Until not that long ago patients suffering from types of arthrosis such as coxarthrosis (arthrosis of the hip joint) and gonarthrosis (arthrosis of the knee joint), had to accept their condition and to stick to painkillers and antiinflammatory medicaments. Today people suffering of a grave stage of these conditions have a radical solution: replacement of the natural joint with an artificial one. This treatment used to take a lot of time and had risks of complications, but modern medicine found a way to perform the procedure with minimal blood loss and risks of complication, and fast recovery.
"Coxarthrosis and gonarthrosis are treatable and the surgeries are successful, says Dr Orlin Filipov, MD, specialist in endoprosthetics and reconstructive ortopaedy and chief doctor at Vitosha Hospital (Sofia, 108B Simeonovsko Shose Blvd, round-the-clock: 02/962 22 92, www.vitosha-hospital.com). "With a surgery that lasts a little over an hour, the patient is freed from pain and soon returns to their normal life."
The search for effective noninvasive methods for treatment of serious conditions of the musculoskeletal apparatus is among the leading trends in modern medicine.
For 6 months now, Avis Medica Hospital (Pleven, 7 Kosta H Pakev, phone: 0888 508 049, www.avismedica.com) successfully applies an innovative method for treatment of damaged cartilage tissue in the hip and knee joint. Developed by the Italian professor Antonio Graziano, the Rigenera method uses a small sample of the patient's ear cartilage, of which a micro-graft of vital cells and growth factors is extracted. "This suspension nourishes the damaged cartilage tissue, stimulates regeneration and restores cartilage tissues damaged by arthroses," explains Dr Robert Halvadzhiyan, MD, head of the Orthopedy and Traumatology Unit at Avis Medica. "The procedure is single and can be performed in outpatient care, if the requirements for sterile environment are met. The suspension is injected in the damaged joint, in the next 2 days the pain dies down and the patient is able to continue with their ordinary life. The cartilage is completely recovered after 6 months, when the patient can return to active sport." Dr Halvadzhiyan and Avis Medica orthopaedics team trained in the method in Torino and are impressed by the success of Rigenera. "Our experience in the past half year indicates to us that it should be the first choice before deciding on a hip and knee endoprosthetics," adds Dr Halvadzhiyan.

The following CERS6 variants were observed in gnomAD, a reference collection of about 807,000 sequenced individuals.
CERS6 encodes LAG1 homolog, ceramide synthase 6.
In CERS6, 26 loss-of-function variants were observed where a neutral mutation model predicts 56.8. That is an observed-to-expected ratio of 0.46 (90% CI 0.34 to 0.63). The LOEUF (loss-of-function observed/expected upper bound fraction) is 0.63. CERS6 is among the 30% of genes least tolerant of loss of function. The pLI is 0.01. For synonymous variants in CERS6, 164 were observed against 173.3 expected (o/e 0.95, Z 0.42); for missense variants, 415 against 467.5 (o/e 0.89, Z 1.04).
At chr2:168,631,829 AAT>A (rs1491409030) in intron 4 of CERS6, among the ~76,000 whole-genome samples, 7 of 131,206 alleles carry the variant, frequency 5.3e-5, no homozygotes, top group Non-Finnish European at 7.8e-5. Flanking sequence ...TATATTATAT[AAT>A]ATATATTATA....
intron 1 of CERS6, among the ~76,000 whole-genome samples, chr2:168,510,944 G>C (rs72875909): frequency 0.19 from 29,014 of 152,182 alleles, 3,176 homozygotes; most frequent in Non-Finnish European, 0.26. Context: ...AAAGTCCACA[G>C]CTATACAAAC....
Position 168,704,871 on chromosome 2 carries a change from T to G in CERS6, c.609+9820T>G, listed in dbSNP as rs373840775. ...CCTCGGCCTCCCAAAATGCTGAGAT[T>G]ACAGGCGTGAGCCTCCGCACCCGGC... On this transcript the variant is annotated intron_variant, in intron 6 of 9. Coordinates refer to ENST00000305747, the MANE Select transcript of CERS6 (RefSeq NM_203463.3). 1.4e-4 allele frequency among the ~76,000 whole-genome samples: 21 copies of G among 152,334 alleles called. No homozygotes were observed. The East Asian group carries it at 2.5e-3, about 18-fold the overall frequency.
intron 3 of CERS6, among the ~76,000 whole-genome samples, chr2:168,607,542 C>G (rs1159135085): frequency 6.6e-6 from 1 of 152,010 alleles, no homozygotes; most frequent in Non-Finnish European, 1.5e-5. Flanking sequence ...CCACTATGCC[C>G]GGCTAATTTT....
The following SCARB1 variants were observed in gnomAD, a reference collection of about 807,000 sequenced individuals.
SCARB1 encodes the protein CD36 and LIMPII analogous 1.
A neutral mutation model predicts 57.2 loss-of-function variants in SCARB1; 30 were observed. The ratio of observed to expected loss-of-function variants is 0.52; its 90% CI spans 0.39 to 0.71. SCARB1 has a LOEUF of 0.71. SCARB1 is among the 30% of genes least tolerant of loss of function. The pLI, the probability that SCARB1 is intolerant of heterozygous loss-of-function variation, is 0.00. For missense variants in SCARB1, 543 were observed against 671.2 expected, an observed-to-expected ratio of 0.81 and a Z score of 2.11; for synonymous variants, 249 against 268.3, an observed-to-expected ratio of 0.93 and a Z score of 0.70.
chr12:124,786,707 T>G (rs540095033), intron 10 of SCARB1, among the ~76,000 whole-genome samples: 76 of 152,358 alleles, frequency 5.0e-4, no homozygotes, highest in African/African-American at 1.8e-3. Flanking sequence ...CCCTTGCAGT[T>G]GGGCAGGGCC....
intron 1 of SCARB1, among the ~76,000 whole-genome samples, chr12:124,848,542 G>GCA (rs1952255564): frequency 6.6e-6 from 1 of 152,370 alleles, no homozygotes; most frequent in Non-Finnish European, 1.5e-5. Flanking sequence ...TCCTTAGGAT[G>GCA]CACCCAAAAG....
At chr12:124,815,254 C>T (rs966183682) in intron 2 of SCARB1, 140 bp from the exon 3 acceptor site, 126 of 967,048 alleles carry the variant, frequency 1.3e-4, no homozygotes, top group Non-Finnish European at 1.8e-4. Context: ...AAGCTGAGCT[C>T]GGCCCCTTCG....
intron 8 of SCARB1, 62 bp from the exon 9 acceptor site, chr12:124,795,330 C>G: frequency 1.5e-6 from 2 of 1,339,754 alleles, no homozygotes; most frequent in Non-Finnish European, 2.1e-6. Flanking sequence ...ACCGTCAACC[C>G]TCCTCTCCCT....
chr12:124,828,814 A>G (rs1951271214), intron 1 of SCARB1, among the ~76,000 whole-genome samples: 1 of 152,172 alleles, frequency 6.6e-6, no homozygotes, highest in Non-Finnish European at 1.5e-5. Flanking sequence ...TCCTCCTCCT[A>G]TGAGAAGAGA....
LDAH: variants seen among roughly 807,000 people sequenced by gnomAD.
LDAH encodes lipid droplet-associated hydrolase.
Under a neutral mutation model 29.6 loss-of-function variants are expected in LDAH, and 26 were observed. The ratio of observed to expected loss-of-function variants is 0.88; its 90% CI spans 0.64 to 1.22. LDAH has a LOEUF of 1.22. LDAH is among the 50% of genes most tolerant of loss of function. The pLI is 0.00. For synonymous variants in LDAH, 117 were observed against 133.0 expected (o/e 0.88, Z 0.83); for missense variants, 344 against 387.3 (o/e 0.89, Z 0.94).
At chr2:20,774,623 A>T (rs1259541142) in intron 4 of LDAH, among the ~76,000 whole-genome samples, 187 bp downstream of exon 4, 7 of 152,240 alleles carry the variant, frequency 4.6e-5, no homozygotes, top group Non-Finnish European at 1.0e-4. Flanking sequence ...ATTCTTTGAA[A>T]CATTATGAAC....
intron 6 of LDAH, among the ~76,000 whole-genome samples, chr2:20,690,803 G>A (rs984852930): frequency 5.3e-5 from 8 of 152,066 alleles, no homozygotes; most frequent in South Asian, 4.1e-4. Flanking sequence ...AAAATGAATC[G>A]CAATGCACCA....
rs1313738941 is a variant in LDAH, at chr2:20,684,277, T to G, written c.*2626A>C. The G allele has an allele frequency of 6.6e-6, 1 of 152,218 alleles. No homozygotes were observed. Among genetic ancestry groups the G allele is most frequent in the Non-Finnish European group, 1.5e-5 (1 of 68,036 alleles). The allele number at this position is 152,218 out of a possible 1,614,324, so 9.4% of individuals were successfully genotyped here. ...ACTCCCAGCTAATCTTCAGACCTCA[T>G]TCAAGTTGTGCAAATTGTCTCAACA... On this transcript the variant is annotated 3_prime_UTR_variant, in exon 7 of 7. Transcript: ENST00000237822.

Sport and regular physical activity are one of the ways to reduce the risks of musculoskeletal problems. The benefits of physical activity can hardly be overestimated – increased immunity and tone, stronger bones, cardiovascular system in a good shape, reduced body weight and the health risks that come with it.